Lot 330 / Sale 7964
an extremely rare <i>famille rose</i> goose tureen, cover and married stand

Price Realized £115,250
Sales totals are hammer price plus buyer’s premium and do not reflect costs, financing fees or application of buyer’s or seller’s credits.

  • £100,000 - £150,000
  • ($163,700 - $245,550)

Sale Information Sale 7964
Fine Chinese Ceramics and Works of Art
10 May 2011
London, King Street

The resting bird modelled with short serpentine neck and wing feathers tucked over its back in front of the upturned tail, very finely enamelled with a garland of brightly enamelled composite flowers around its neck, and larger sprays of rose across its back, the yellow beak delicately detailed with iron-red markings, the crown picked out in puce enamel and the feathers in shades of sepia with gilt spines, the wing feathers formed in two layers, the upper feathers strikingly and unusually enamelled in turquoise and blue, and the lower feathers in dark grisaille with gilt markings, the webbed feet carefully enamelled in yellow, iron-brown, and sepia with gilt splashes; and an oval stand boldly and finely enamelled with an insect on a cluster of exotic flowers below a formal scroll band and further floral sprays
The tureen 15½ in. (39.5 cm.) long; the stand 17 in. (43.2 cm.) wide


Provenance Letitia Rose (1751-1823), of Cotterstock Manor, Northamptonshire.
Margaret Maskelyne, of Basset Down, Wiltshire; and thence by descent.

Literature M. Arnold-Forster, Basset Down, An Old Country House, London, n.d., p. 97, pl. 18, and p. 31.

Lot Notes In Basset Down, An Old Country House, p.31, Mary Arnold-Forster, granddaughter of Mary Maskelyne, explains that Letitia Rose, who later became Lady Booth, had a love of adventure when she was young, and used to enjoy visiting the London Docks and City warehouses to seek out Chinese porcelain which she highly admired when it arrived in ships from the East. It was on one of these expeditions, which were considered very unusual for a young lady at that time, that she purchased the goose tureen being offered here. On her death, it was inherited by her niece, Mary Maskelyne, and has remained in the family ever since.

This goose tureen is particularly unusual with its brightly enamelled garland of flowers around the neck and rose sprays across its back. Similarly decorated animal tureens do not appear to be recorded but a few related Qianlong period animals are known, which have floral decoration to their bodies, and these include a small famille rose duck tureen and cover, sold in these Rooms, 7 May 1953, lot 25; a pair of figures of hares with European-style flowers amongst the paler hair markings also sold in these Rooms, 1 October 1957, lot 21, and illustrated by A. du Boulay Christie's Pictorial History of Chinese Ceramics, Oxford, 1984, p. 297, fig. 8; an ox-head tureen decorated with scattered flowers from the collection of H.H. The Prince de Ligne, sold Sotheby's London, 28 May 1968, lot 226; another similar tureen, or possibly the same one, together with a married stand, from the collection of Mrs. Coila Hickman Nesle, which was sold Parke-Bernet Galleries Inc., New York, 16 October 1969, lot 100; and yet another was sold in these rooms, 19 March 1979, lot 75. See also Chinese models of cows, which were based on Dutch Delft or possibly Meissen originals, and which sometimes bear a floral garland around their necks. One such example from the Hodroff Collection is illustrated by D. S. Howard, The Choice of the Private Trader, London, 1994, no. 334, and a pair, again with floral garlands, is in the Rijksmuseum, Amsterdam.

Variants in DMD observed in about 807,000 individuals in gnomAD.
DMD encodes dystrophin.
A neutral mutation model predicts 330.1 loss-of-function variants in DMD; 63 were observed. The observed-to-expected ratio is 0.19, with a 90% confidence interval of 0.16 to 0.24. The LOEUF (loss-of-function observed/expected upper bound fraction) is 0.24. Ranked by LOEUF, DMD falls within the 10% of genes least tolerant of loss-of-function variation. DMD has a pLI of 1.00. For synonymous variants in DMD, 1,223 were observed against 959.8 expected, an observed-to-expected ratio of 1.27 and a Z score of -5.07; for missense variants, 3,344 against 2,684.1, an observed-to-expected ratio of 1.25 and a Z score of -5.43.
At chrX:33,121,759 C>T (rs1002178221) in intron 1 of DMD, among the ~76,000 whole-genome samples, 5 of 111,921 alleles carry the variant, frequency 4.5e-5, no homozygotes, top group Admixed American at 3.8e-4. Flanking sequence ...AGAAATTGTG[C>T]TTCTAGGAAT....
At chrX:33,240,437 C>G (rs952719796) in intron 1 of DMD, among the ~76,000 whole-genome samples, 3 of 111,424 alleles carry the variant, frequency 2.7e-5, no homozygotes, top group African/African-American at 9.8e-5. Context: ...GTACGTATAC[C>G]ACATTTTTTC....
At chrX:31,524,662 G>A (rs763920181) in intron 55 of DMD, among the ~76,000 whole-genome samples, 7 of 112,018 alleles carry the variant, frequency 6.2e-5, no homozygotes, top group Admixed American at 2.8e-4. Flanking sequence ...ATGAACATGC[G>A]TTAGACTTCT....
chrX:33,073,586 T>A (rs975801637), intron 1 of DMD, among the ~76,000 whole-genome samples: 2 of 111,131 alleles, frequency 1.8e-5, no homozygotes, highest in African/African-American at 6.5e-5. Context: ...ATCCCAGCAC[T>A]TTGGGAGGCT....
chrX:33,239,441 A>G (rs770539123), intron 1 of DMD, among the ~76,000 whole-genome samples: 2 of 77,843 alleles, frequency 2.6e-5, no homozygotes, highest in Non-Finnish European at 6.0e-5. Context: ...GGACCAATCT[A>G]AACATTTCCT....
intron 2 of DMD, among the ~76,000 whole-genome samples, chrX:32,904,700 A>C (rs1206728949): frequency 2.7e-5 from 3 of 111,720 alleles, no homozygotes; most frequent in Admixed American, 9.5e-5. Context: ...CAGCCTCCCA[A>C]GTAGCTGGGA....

Animal tureens made a spectacular accompaniment to table services and were widely popular during the mid-18th Century, often accompanied by dishes or stands. It is recorded that the Dutch East India Company ordered twenty-five goose tureens for stock in 1765. In 1803, a pair of white-glazed goose tureens and covers were given to the East India Marine Society of Salem, now the Peabody Essex Museum, by Captain Ward Blackler, suggesting a popularity of the form with the American market as well (see Jean McClure Mudge, Chinese Export Porcelain for the American Trade 1785-1835, East Brunswick, 1981, p.160, fig.74).

Although obviously derived from European ceramic models, which became increasingly fashionable in the 1740s, it is not possible to ascertain the actual prototype. According to D. Howard and J. Ayers, China for the West, London and New York, 1978, vol.II, pp. 590-592, the faience models produced in the Strasbourg factory under the influence of Adam von Löwenfinck from 1750-54 represent the most likely originals for the Chinese examples.

Goose tureens were made with both short necks, as in the present lot, and with slightly longer necks. For these two slightly different models see Howard and Ayers, op.cit., nos. 614 and 615 for the two examples in the Mottahedeh Collection, and p. 592 where the authors write "Chinese production of the tureens probably continued over two decades or more, and it seems reasonable to suppose that the earliest examples would be those displaying a highly naturalistic style."

While the exquisite example in this lot displays the 'highly naturalistic style' referred to above, the brightly enamelled flowers, complemented by the brilliant turquoise and blue enamels of the wing feathers give it a highly decorative appearance which is combined with fine quality enamelling. One can speculate that perhaps this tureen was an early example of its type, and that the exotic decoration proved to be both expensive and time-consuming, so that subsequent orders demanded that the flowers be omitted.

Post-Lot Text END OF SALE

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